Right ventricular pacing increases the risk of persistent atrial fibrillation (AF) in the long term. The effects of right ventricular pacing on paroxysmal AF (PAF) are unknown. The aim was to examine the effect of right ventricular pacing on AF burden (AFB) in patients with symptomatic drug-resistant PAF. Pooled analysis of pacemaker-derived counters and AF diagnostic data from the Atrial Fibrillation Therapy (AFT) and Pacemaker Atrial Fibrillation Suppression (PAFS) randomized anti-AF pacemaker algorithm trials were used. Five hundred and fifty-four patients from the AFT (n = 372) and PAFS (n = 182) were studied. The individual percentages of pacing, Atrial Sense Ventricular Pace (ASVP), Atrial Pace Ventricular Pace (APVP), and Atrial Pace Ventricular Sense (APVS) as well as total ventricular pacing during synchronous rhythm (VPinSR, %) were examined for an effect on AFB. Three hundred and twenty-one (AFT, age 64 +/- 11, 55% male) and 79 (PAFS, age 71 +/- 8, 54% male) patients had complete data for analysis. Increased VPinSR was weakly associated with an increased AFB (effect size-10% VPinSR increased AFB by only 0.03%) in AFT (P = 0.04) but not PAFS (P = 0.98) or the pooled analysis (P = 0.95). None of the synchronous paced modalities (ASVP, APVP, APVS) significantly increased AFB compared with sinus rhythm (Atrial Sense Ventricular Sense) (P = ns). No pacing modality, atrial or ventricular, had a significant effect on AFB. On the basis of these data, the detrimental effect of high-frequency right ventricular pacing on AFB in paced PAF patients, unlike with persistent AF, appears to be minimal in the short term.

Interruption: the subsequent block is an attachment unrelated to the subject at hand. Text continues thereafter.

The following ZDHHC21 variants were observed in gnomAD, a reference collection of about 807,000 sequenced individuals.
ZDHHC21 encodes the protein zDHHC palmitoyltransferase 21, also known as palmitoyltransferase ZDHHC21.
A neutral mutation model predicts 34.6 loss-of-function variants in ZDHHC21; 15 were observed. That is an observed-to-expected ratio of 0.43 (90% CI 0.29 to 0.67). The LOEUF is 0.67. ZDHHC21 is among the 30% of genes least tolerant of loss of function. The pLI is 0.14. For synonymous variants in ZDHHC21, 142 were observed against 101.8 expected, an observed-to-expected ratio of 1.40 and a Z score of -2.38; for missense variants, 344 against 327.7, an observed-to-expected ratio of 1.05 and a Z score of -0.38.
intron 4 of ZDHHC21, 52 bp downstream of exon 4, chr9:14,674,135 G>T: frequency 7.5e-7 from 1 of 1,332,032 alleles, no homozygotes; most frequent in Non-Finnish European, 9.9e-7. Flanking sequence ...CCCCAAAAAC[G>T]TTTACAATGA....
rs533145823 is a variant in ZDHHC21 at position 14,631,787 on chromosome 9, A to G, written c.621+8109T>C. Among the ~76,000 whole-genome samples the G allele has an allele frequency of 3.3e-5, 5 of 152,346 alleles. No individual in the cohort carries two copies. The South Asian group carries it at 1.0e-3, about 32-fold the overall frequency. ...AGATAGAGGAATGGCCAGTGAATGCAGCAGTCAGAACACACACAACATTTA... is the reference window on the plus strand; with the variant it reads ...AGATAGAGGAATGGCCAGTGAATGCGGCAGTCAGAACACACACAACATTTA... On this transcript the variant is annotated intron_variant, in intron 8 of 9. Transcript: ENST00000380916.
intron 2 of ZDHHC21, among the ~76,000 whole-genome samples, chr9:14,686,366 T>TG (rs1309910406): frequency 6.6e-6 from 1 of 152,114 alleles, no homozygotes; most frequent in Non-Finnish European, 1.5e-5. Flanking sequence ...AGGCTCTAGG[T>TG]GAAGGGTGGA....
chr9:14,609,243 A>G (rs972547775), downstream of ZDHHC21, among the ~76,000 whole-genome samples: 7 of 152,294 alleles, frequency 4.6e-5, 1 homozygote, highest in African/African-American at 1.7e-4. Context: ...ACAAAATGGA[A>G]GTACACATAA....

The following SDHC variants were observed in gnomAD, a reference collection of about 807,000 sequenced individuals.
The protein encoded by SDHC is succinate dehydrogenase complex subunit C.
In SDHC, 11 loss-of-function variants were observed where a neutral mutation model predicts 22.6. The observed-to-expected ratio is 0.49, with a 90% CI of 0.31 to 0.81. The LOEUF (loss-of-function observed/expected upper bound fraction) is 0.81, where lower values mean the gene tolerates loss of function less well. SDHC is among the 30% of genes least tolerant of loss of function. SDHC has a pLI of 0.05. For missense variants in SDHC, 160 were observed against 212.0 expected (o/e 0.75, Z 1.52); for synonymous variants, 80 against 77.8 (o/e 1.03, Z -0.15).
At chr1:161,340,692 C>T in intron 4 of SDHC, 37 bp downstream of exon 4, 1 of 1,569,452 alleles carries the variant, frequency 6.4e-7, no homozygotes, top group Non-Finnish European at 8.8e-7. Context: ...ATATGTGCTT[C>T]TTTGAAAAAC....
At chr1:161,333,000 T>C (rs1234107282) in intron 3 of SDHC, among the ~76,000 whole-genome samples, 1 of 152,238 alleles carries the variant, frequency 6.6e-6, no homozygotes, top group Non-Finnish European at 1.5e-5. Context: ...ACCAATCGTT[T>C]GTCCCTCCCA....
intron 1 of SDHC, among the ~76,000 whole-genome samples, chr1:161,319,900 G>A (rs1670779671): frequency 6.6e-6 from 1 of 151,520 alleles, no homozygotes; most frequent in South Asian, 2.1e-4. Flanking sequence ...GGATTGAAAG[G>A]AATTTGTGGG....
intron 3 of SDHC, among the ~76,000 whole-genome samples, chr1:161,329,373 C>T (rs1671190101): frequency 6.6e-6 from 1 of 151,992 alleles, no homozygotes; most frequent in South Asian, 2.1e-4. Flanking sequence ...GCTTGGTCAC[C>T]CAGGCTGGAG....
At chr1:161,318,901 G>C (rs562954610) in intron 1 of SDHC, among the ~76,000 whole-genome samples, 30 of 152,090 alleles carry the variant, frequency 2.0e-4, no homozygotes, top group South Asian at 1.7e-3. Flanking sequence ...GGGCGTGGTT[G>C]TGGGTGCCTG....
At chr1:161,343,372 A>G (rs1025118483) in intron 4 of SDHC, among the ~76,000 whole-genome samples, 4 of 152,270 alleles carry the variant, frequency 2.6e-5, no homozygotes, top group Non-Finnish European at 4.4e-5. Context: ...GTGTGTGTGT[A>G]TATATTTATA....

- Right ventricular pacing
- Atrial fibrillation burden
- Paroxysmal atrial fibrillation